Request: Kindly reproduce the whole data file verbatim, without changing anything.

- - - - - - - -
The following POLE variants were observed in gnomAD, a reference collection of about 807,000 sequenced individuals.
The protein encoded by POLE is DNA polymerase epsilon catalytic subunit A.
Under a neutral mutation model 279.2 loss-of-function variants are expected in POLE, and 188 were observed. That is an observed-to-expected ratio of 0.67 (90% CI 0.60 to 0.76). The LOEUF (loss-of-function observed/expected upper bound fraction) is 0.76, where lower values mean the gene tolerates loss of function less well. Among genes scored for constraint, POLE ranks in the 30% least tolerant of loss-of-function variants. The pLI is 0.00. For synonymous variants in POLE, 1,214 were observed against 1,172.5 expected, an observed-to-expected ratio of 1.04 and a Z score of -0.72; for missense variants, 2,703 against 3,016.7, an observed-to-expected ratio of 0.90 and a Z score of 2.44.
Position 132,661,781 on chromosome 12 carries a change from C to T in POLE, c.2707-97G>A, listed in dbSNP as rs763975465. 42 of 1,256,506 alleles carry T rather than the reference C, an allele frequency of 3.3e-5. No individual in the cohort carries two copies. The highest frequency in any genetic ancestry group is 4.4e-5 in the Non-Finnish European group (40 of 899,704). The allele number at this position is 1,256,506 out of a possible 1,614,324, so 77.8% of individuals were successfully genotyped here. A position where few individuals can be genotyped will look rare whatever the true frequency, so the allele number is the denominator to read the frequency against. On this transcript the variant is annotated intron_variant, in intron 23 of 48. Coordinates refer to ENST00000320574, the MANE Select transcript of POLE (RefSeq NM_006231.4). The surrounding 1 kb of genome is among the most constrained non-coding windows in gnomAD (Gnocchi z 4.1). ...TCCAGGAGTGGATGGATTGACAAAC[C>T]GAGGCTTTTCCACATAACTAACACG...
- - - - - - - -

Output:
The following POLE variants were observed in gnomAD, a reference collection of about 807,000 sequenced individuals.
The protein encoded by POLE is DNA polymerase epsilon catalytic subunit A.
Under a neutral mutation model 279.2 loss-of-function variants are expected in POLE, and 188 were observed. That is an observed-to-expected ratio of 0.67 (90% CI 0.60 to 0.76). The LOEUF (loss-of-function observed/expected upper bound fraction) is 0.76, where lower values mean the gene tolerates loss of function less well. Among genes scored for constraint, POLE ranks in the 30% least tolerant of loss-of-function variants. The pLI is 0.00. For synonymous variants in POLE, 1,214 were observed against 1,172.5 expected, an observed-to-expected ratio of 1.04 and a Z score of -0.72; for missense variants, 2,703 against 3,016.7, an observed-to-expected ratio of 0.90 and a Z score of 2.44.
Position 132,661,781 on chromosome 12 carries a change from C to T in POLE, c.2707-97G>A, listed in dbSNP as rs763975465. 42 of 1,256,506 alleles carry T rather than the reference C, an allele frequency of 3.3e-5. No individual in the cohort carries two copies. The highest frequency in any genetic ancestry group is 4.4e-5 in the Non-Finnish European group (40 of 899,704). The allele number at this position is 1,256,506 out of a possible 1,614,324, so 77.8% of individuals were successfully genotyped here. A position where few individuals can be genotyped will look rare whatever the true frequency, so the allele number is the denominator to read the frequency against. On this transcript the variant is annotated intron_variant, in intron 23 of 48. Coordinates refer to ENST00000320574, the MANE Select transcript of POLE (RefSeq NM_006231.4). The surrounding 1 kb of genome is among the most constrained non-coding windows in gnomAD (Gnocchi z 4.1). ...TCCAGGAGTGGATGGATTGACAAAC[C>T]GAGGCTTTTCCACATAACTAACACG...